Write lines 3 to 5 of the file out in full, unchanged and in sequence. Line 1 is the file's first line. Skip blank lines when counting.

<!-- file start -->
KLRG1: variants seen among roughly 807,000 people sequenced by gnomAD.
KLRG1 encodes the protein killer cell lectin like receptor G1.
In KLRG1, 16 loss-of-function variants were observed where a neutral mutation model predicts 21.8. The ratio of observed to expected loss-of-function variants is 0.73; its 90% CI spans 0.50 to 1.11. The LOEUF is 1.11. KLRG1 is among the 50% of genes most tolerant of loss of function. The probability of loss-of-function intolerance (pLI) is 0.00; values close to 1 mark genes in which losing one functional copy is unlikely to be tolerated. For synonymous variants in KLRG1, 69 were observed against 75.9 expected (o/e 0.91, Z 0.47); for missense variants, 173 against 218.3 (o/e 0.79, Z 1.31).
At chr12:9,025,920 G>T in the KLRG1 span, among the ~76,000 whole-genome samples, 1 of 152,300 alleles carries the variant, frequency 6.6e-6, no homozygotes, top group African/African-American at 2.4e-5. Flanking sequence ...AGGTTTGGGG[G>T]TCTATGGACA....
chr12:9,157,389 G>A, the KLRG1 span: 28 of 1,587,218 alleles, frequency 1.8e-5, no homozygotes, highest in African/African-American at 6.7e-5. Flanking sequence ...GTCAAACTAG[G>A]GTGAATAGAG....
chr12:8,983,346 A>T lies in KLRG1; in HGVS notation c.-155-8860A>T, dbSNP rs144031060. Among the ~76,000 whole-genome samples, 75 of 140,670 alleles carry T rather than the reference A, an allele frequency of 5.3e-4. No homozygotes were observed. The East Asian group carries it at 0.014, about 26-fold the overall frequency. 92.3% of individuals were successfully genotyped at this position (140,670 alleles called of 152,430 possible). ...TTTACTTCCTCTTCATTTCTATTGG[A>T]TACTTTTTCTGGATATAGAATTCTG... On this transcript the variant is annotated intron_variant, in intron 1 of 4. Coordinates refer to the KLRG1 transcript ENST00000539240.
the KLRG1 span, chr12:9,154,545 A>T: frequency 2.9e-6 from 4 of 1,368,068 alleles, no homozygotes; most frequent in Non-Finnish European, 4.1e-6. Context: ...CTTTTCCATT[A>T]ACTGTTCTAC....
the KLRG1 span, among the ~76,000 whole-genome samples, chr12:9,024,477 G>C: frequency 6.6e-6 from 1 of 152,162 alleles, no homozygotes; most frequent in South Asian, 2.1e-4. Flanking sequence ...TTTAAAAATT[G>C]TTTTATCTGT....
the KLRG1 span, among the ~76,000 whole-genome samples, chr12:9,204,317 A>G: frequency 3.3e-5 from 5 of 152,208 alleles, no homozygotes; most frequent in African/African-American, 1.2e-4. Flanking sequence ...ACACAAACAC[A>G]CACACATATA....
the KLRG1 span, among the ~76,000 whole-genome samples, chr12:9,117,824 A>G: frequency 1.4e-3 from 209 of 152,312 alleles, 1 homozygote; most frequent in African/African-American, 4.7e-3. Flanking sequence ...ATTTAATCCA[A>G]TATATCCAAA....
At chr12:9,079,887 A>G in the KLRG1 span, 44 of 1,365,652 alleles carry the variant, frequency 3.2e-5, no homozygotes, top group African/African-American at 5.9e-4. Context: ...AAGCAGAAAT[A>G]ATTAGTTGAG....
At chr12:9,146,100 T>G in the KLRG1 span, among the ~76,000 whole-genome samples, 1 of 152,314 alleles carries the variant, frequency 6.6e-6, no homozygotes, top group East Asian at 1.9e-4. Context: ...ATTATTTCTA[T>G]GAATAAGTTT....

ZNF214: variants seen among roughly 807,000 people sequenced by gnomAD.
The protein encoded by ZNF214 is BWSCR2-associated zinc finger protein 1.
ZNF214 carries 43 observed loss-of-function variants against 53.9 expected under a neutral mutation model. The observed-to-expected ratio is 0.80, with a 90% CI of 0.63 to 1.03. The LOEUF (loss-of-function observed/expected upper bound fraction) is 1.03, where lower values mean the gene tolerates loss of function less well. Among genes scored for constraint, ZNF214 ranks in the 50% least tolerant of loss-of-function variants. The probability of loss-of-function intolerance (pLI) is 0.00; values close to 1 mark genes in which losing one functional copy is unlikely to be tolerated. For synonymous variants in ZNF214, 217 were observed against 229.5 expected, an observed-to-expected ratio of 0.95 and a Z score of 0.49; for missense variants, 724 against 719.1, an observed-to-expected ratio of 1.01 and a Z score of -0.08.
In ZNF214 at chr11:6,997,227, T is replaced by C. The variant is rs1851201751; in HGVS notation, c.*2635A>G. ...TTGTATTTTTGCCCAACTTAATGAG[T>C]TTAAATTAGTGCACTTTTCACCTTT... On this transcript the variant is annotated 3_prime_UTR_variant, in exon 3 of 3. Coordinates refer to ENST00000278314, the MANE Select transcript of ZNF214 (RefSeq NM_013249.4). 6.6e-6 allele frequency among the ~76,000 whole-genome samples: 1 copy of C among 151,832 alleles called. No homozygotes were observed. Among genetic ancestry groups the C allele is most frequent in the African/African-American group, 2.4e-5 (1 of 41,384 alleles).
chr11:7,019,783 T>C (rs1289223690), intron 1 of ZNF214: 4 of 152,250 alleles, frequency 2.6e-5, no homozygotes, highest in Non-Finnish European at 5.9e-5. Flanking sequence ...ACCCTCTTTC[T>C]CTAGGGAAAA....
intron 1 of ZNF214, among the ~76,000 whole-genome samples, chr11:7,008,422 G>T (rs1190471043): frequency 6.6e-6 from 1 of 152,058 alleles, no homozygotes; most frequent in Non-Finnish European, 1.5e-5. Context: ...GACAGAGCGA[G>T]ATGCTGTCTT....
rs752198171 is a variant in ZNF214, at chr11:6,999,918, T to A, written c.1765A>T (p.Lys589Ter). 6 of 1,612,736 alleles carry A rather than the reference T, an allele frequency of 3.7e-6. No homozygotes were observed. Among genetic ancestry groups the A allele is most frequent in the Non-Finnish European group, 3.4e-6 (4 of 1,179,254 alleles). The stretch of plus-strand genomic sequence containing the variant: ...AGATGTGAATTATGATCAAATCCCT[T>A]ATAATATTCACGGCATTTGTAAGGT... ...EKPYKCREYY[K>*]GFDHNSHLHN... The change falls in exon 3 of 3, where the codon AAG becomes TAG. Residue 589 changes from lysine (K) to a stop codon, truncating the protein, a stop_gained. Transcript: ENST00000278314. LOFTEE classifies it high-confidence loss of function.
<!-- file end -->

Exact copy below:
In KLRG1, 16 loss-of-function variants were observed where a neutral mutation model predicts 21.8. The ratio of observed to expected loss-of-function variants is 0.73; its 90% CI spans 0.50 to 1.11. The LOEUF is 1.11. KLRG1 is among the 50% of genes most tolerant of loss of function. The probability of loss-of-function intolerance (pLI) is 0.00; values close to 1 mark genes in which losing one functional copy is unlikely to be tolerated. For synonymous variants in KLRG1, 69 were observed against 75.9 expected (o/e 0.91, Z 0.47); for missense variants, 173 against 218.3 (o/e 0.79, Z 1.31).
At chr12:9,025,920 G>T in the KLRG1 span, among the ~76,000 whole-genome samples, 1 of 152,300 alleles carries the variant, frequency 6.6e-6, no homozygotes, top group African/African-American at 2.4e-5. Flanking sequence ...AGGTTTGGGG[G>T]TCTATGGACA....
chr12:9,157,389 G>A, the KLRG1 span: 28 of 1,587,218 alleles, frequency 1.8e-5, no homozygotes, highest in African/African-American at 6.7e-5. Flanking sequence ...GTCAAACTAG[G>A]GTGAATAGAG....